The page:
CR: Speaking of STARS, you saw Solange perform outside at Chinati on Sunday evening. I’ll admit here that I skipped it for reasons unrelated to each other. One was that they kept moving the time of the performance and after the third or so postponement I was kind of over it. And while you were at the show I walked around Marfa and tried to find us a table in a restaurant so we could eat when it was over. Which we did.
How was the show?
BZ: I really didn’t know what to expect from Solange’s performance at the Chinati Foundation — the only things we were informed of is that we weren’t allowed to have cell phones and that we were required to wear white clothing. Overall, it was basically a well-choreographed concert in which Solange performed songs from her 2016 album A Seat at the Table. It was different from her Guggenheim performance in that she adapted her stage set and costuming to suit (or rather to oppose) her environment. She was performing at the far end of Donald Judd’s 15 untitled works in concrete, meaning that we as an audience had an incredible view of those pieces, the hangers housing Judd’s 100 works in mill aluminum, and the plethora of other buildings on the campus. Though the view was great, it was rather monochromatic — this is West Texas after all and yellow and tan are the colors — so Solange, her band, and her ensemble were all wearing bright pink; she also had pink columns and small circular stage-like elements behind her.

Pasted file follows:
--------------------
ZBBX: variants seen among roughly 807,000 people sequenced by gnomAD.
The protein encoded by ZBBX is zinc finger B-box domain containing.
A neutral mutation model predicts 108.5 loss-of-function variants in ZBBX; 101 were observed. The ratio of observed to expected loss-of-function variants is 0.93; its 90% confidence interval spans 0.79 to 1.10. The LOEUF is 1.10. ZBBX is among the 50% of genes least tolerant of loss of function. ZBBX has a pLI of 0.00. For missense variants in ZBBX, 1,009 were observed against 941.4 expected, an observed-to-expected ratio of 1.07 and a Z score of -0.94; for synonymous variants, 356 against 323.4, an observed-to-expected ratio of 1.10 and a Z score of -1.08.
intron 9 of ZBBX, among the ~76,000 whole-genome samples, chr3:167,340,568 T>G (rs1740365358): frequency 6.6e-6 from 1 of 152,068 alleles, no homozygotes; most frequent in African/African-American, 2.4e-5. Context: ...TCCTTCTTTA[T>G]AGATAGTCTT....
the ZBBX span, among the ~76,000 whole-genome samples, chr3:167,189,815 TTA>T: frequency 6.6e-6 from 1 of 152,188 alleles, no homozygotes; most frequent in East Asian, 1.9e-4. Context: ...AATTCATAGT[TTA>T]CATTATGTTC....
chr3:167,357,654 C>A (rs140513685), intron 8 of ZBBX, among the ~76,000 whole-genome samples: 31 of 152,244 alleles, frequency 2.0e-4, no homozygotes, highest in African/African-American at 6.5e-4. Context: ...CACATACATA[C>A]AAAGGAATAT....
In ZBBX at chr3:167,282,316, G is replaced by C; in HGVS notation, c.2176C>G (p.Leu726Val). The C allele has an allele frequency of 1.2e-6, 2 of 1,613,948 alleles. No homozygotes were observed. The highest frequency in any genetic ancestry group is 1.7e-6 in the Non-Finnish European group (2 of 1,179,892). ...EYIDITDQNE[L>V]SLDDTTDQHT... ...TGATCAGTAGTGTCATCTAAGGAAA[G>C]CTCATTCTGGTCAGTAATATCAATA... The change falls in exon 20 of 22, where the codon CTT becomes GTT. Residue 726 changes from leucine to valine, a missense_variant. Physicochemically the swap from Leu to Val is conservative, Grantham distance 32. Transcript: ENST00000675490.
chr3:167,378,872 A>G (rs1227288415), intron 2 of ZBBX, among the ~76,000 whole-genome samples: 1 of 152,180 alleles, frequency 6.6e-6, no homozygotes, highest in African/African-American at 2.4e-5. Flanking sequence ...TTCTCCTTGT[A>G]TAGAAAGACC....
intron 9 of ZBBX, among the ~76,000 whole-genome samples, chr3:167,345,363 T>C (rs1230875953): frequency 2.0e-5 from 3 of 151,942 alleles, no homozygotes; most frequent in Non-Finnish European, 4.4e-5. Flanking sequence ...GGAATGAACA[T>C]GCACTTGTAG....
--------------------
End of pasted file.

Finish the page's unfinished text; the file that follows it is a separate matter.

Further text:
As a performer, Solange was cool, composed, and deliberate. She didn’t overperform, and every movement and gesture was calculated, meaning that we hung on her every word. Since the performance’s start time had been continuously pushed back, the sun set on her performance and the sky mirrored her costuming. Though I had heard positive reviews about the Guggenheim performance, I was worried how the concert would turn out since Marfa and Chinati are hard places to incorporate something that doesn’t belong. I was glad that the performance could hold its own.